Crisis-hit Sri Lanka‘s stock exchange halted trade for the second time this month on Monday, with the main index plummeting nearly 13 percent after resuming from a two-week break.
The island nation is grappling with its worst economic downturn since independence in 1948, with months of regular blackouts and acute shortages of food and fuel.
Equities have shed nearly 40 percent of their value since January, with the local currency falling by a similar amount against the greenback in the past month.
Monday was the first morning of trade on the Colombo bourse since a weeklong Sri Lankan New Year holiday and a subsequent five-day trading halt after the government hiked interest rates and defaulted on its $51 billion foreign debt.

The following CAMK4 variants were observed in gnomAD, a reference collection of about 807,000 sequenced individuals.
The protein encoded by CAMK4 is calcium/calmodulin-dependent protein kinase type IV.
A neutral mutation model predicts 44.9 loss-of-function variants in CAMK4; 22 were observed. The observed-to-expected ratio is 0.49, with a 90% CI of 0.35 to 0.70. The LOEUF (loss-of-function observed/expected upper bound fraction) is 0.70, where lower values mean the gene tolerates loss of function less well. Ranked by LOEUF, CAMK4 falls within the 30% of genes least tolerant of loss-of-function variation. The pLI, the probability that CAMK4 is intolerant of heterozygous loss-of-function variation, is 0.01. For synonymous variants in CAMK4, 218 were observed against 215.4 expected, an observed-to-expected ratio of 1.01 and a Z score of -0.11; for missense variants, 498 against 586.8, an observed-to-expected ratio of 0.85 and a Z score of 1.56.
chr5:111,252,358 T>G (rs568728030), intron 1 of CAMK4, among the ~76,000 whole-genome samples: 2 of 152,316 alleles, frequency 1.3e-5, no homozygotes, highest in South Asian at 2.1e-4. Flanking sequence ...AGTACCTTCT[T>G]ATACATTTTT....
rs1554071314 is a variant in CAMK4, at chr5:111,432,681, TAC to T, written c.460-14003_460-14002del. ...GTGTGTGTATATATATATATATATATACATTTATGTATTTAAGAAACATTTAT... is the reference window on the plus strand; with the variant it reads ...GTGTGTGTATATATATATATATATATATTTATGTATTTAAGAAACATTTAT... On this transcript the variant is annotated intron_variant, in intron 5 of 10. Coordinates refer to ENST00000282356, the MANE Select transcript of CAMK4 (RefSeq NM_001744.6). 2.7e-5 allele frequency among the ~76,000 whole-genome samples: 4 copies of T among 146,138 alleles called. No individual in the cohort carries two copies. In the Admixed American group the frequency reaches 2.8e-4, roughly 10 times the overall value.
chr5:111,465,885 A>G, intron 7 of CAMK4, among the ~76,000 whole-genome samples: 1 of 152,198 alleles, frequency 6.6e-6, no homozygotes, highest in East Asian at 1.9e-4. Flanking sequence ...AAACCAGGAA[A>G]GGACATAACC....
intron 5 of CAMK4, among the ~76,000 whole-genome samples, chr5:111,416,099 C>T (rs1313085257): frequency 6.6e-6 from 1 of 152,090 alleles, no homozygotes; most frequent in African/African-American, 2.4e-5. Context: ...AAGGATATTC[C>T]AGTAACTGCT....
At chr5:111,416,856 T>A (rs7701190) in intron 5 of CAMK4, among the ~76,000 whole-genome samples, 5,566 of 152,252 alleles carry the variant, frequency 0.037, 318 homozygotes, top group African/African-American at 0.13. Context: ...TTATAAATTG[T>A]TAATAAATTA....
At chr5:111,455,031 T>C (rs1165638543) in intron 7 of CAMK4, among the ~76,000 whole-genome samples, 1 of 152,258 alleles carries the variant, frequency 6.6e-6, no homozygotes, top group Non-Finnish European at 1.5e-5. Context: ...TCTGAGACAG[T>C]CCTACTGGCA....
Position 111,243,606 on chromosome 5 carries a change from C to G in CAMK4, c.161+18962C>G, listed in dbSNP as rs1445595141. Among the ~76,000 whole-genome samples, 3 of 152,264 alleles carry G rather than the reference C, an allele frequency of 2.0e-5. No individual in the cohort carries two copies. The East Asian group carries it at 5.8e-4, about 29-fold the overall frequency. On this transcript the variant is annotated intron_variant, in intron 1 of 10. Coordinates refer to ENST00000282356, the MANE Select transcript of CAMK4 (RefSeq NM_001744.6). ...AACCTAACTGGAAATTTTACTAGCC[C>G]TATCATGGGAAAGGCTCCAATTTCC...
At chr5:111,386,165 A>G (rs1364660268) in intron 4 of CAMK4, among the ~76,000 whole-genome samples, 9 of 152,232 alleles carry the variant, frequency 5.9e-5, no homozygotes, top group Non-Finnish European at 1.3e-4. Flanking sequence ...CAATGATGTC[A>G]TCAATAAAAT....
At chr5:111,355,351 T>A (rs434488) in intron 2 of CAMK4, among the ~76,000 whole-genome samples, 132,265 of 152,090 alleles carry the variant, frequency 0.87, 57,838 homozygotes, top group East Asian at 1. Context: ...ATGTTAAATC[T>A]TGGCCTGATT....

The local S&P index fell seven percent in the opening minute of trade, more than the five percent needed to trigger an automatic half-hour halt.
Shares continued their rapid slide after a brief resumption, prompting the market to declare a halt to trading for the rest of the day.
Sri Lankan officials were in Washington last week to negotiate with the International Monetary Fund for a bailout, but official sources said there was no immediate prospect of emergency funding from the lender.
Colombo is now banking on further bilateral help from India, China and Japan to help keep the country afloat, a finance ministry source told AFP.